Countdown Clocks Could Be Coming to 4 Main Street Intersections

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The intersection of Penn and Main streets could become easier for pedestrians to cross if push buttons and countdown clocks are installed.

The intersection of Penn and Main streets could become easier for pedestrians to cross if push buttons and countdown clocks are installed.

Hellertown Borough Council heard several recommendations for pedestrian safety improvements along the Main Street corridor Monday night, including one to install electronic countdown clocks at the four intersections with traffic lights in the borough: at High Street, Water Street, Penn Street and Walnut Street.

These countdown clocks will give pedestrians a better idea of how much time they have to walk across the street when traffic is stopped.

Borough engineer Bryan Smith, of Barry Isett & Associates, said further upgrades will be required at the High and Penn street intersections, where push buttons to change a light from green to red will need to be installed.

Pavement marking improvements will also be made at the intersections, and in some cases a duplicate crosswalk across Main Street will be eliminated, he said.

Another recommendation for the most heavily used pedestrian crosswalks along the corridor is to install pedestrian-activated LED lighting within the roadbed.

The intersection of Main and Water streets in Hellertown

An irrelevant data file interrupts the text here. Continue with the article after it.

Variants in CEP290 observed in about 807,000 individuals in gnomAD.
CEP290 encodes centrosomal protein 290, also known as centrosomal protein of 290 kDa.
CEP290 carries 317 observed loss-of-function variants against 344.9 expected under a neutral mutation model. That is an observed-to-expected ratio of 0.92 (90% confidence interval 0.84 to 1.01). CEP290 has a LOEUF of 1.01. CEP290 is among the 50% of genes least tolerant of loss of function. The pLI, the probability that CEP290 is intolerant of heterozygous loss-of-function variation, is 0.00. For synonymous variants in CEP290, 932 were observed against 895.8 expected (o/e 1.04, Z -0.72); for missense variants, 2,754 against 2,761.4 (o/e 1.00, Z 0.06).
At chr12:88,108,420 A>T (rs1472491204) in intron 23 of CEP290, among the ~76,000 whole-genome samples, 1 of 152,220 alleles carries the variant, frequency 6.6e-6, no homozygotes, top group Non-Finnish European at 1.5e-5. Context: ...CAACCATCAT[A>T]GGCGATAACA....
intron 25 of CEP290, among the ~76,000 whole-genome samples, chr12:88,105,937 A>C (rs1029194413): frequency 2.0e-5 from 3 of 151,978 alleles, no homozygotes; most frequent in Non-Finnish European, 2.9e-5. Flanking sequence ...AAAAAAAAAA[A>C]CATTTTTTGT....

“These lights come on, they flash, indicating to motorists that there’s somebody looking to cross the street,” Smith said. “They’re pretty effective, especially toward dusk and evening.”

This type of lighting exists at a crosswalk on Elizabeth Avenue near Moravian College’s main campus in Bethlehem, but is relatively rare in the Lehigh Valley.

Another recommendation Smith highlighted for council is the construction of a bus shelter at one of the LANTA bus stops on Main Street. The shelter would be located in a “bump-out”–a widened section of sidewalk–at an intersection with a crosswalk.

Smith highlighted some different types of funding options available for the improvements, including TASAP, which is funded through PennDOT.

He said if the borough receives TASAP funds, 100 percent of construction/inspection costs would be covered. The borough would need to pay for engineering, permitting and other costs.

The recommendations discussed Monday are part of a multi-pronged effort to improve pedestrian safety in Hellertown that also includes increased police enforcement of and education about pedestrian safety laws.

Council president Tom Rieger and councilman James Hill were absent from the meeting, which vice president Phil Weber presided over.

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